Auguste Comte's Cours de philosophie positive (1830– 42) is a classic in the more ambiguous meaning of the term. As a canonical text in philosophy and social science it is widely referred to as the founding statement of positivism and sociology, but the Cours belongs to the category of classics that, although routinely referenced, are no longer read. Very rarely is it discussed in any detail, and references to it tend to be limited to the stereotype of positivism as a kind of generalized, somewhat naive, and in any case outdated, belief in the models and methods of the natural sciences.
In the specialized literature on Comte, furthermore, surprisingly few authors have explicitly raised the question of how to assess the content and status of the Cours. The most common qualifications amount to general assertions about positivism but remain vague as to how the six volumes of the Cours are structured, what kind of material they contain and what arguments are actually made. Moreover, what Comte aimed to achieve is most frequently described in terms that are borrowed from his later writings, if not from neo- positivist thought that emerged only decades after his death.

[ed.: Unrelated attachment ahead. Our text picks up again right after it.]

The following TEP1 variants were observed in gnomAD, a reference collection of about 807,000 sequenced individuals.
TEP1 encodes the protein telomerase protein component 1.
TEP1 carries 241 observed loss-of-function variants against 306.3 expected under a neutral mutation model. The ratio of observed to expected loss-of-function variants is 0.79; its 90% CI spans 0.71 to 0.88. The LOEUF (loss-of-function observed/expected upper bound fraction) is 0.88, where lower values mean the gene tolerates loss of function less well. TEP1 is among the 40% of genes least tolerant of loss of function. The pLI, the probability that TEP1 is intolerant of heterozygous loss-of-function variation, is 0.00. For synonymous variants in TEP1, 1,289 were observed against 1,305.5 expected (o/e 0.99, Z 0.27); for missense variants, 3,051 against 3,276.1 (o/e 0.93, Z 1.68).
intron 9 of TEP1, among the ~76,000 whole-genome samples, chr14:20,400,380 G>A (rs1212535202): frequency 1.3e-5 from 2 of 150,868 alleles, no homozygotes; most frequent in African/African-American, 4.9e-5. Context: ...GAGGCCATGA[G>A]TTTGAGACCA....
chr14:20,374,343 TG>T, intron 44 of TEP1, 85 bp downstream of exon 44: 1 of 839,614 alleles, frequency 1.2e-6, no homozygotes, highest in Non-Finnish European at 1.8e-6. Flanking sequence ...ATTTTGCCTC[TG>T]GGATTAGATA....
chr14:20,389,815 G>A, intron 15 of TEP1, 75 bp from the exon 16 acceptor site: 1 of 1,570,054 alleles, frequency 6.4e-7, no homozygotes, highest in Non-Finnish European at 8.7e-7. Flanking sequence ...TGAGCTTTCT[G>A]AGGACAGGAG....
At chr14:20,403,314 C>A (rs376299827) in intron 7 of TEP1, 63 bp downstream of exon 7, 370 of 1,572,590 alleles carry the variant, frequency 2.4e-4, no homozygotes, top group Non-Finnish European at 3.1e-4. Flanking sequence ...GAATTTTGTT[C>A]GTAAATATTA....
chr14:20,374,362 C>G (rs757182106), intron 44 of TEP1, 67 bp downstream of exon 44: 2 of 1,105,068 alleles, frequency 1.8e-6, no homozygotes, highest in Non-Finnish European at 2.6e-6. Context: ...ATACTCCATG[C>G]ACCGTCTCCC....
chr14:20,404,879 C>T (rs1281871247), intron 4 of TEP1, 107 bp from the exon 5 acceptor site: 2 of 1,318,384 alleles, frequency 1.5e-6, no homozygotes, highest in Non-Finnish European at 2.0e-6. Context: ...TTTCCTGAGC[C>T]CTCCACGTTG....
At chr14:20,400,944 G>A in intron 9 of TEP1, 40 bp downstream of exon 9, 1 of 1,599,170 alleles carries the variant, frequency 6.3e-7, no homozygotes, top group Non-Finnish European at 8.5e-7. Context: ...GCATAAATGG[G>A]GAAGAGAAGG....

One of the major obstacles to understanding the Cours is that in the course of the nineteenth and twentieth centuries the theory, history and sociology of science have parted ways. Each one has become a specialized endeavor, with its own degrees, departments and journals, and exchanges across their boundaries have become increasingly difficult. In the current academic division of labor properly historical questions tend to be relegated to historians, social aspects of science to sociologists and epistemological issues to philosophers. Such a partitioning of tasks, however, produces more problems than it solves. In textbooks for the philosophy of science, for example, Comte has virtually disappeared. Positivism is identified with a later version, “logical positivism,” which has supplanted Comte's historical approach to scientific knowledge. In sociology Comte is mentioned as having introduced the word sociology, and some textbooks briefly discuss his sociological ideas, but his more encompassing theory of science is ignored. As to the history of science, Comte's writings are widely held to be outdated and are referred to seriously only by specialists of early nineteenth- century science.